Chances are you’ve heard these words before, or maybe you’ve even said something like it to a new mom. For a mom dealing with the effects of birth trauma however, these words can do more harm than the reassurance they were intended.
What is birth trauma?
According to the Prevention and Treatment of Traumatic Childbirth site, or PATTCh, traumatic birth is defined as:
“If a woman experiences or perceives that she and/or her baby were in danger of injury or death to during childbirth, her birth is defined as traumatic–psychologically, physically, or both. Usually, she experiences extreme sense of helplessness, isolation, lack of care, fear, and anxiety (Beck, 2004a). Traumatic childbirth occurs in as many as 25–34 percent of all births. Approximately one-third of those women may develop Post Traumatic Stress Disorder (PTSD).”
How can it happen?
– Unexpected interventions (or even expected, but still stressful, interventions)
– Feeling a loss of control, unheard, disrespected or unsupported by hospital staff, or personal support team if there is one.
– Going into labor unprepared with the possible outcomes in labor and delivery, including side effects, risks, interventions and procedures that may come up.
– Delayed emotional reaction. Someone can feel like their experience was ok at the time but realize in doing research or talking to others there were options they weren’t told, weren’t given knowledge to seek out appropriate support.
– How someone is spoken to, or told or not told what is going on can make or break an experience. Others may feel they did not have a voice and worried they would make the staff mad at them if they wanted something different.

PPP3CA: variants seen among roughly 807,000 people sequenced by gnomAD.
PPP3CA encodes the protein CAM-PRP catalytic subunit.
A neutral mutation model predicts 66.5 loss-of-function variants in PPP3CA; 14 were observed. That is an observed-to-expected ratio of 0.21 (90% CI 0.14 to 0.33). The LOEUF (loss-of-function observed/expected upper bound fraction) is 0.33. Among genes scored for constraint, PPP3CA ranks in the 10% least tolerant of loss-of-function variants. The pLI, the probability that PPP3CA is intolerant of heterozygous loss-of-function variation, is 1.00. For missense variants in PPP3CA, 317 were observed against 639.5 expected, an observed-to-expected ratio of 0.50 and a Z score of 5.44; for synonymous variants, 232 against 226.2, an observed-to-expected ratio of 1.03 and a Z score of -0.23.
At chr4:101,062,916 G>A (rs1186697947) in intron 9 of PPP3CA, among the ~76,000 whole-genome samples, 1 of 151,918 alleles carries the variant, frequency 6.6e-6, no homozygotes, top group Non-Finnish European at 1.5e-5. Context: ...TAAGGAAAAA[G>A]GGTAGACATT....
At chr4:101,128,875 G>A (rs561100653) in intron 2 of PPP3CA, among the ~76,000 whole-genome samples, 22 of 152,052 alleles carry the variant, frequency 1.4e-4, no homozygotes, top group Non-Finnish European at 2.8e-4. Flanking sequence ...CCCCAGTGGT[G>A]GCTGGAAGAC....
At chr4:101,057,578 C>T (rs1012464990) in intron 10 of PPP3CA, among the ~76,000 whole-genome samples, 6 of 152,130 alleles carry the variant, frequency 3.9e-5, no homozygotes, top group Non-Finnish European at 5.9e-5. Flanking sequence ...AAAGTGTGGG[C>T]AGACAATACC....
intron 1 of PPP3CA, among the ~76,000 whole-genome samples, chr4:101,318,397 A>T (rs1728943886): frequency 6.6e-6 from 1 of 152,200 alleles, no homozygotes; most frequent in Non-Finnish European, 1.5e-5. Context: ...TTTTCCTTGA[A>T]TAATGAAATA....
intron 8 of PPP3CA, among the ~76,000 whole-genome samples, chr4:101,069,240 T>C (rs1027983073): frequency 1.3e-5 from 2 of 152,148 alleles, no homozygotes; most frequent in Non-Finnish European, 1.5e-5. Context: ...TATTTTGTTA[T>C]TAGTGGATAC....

– Processing the overall experience. The labor and delivery itself may have been uncomplicated, the staff knowledgeable and supportive, but the general experience was overwhelming to the family.
– For a full list, visit this page.
Birth trauma affects more than moms.
Birth trauma can happen to fathers, other friends or family present, and support people. Oftentimes, the mom and partner were affected very differently by how they processed the experience.
This may not show up right away, but may surface weeks, months, or years later. Sometimes people think unless a near death experience happened they could not have birth trauma and they minimize their feelings as not worthy enough of exploring. How we are made to feel in birth and postpartum really stays with you and informs future experience and perception.
Recognize the signs of post traumatic stress disorder. From The Birth Trauma Association (UK):
– The persistent re-experiencing of the event by way of recurrent intrusive memories, flashbacks and nightmares. The individual will usually feel distressed, anxious or panicky when exposed to things which remind them of the event.
– Avoidance of anything that reminds them of the trauma. This can include talking about it, although sometimes women may go through a stage of talking of their traumatic experience a lot so that it obsesses them at times.
– Bad memories and the need to avoid any reminders of the trauma, will often result in difficulties with sleeping and concentrating. Sufferers may also feel angry, irritable and be hyper vigilant (feel jumpy or on their guard all the time).
How to help.
Don’t say, “A healthy baby is all that matters”.
Don’t say, “Well that’s over now, just focus on the baby.”
Do say, “Tell me about your experience.” And listen to the mom and dad recount their feelings.
Do say, “I am so sorry it was an upsetting/disappointing/stressful experience.”
Do say, “How can I help?”
If you or someone you love is having a difficult time processing their experience, don’t hesitate to bring up any concerns or questions to your care provider.
There are also local therapists and other mental health professionals who can help (Chicago area). These include:
New Dawn Wellness Group
Kathryn Gardner, MA, LCPC
Dr. Mona Lal
Begin Within Therapy Services
Kathleen McShane, MA, LCPC
Terra Firma Behavioral Health
Dr. Aarti Mehta
The Haven Group
Jenny Shully, LCSW
Amanda Gordon, LCPC
Joy Davy, MS, LCPC, NCC
Dr. Fatima Ali
Dr. Sarah Allen, Psy.D, LCPC
If anyone has further questions or would like further resources, please don’t hesitate to contact me. Please know there is help available, and you don’t have to go through this alone. Moms and dads matter, how we are treated in birth matters, and how we support each other in the postpartum period matters.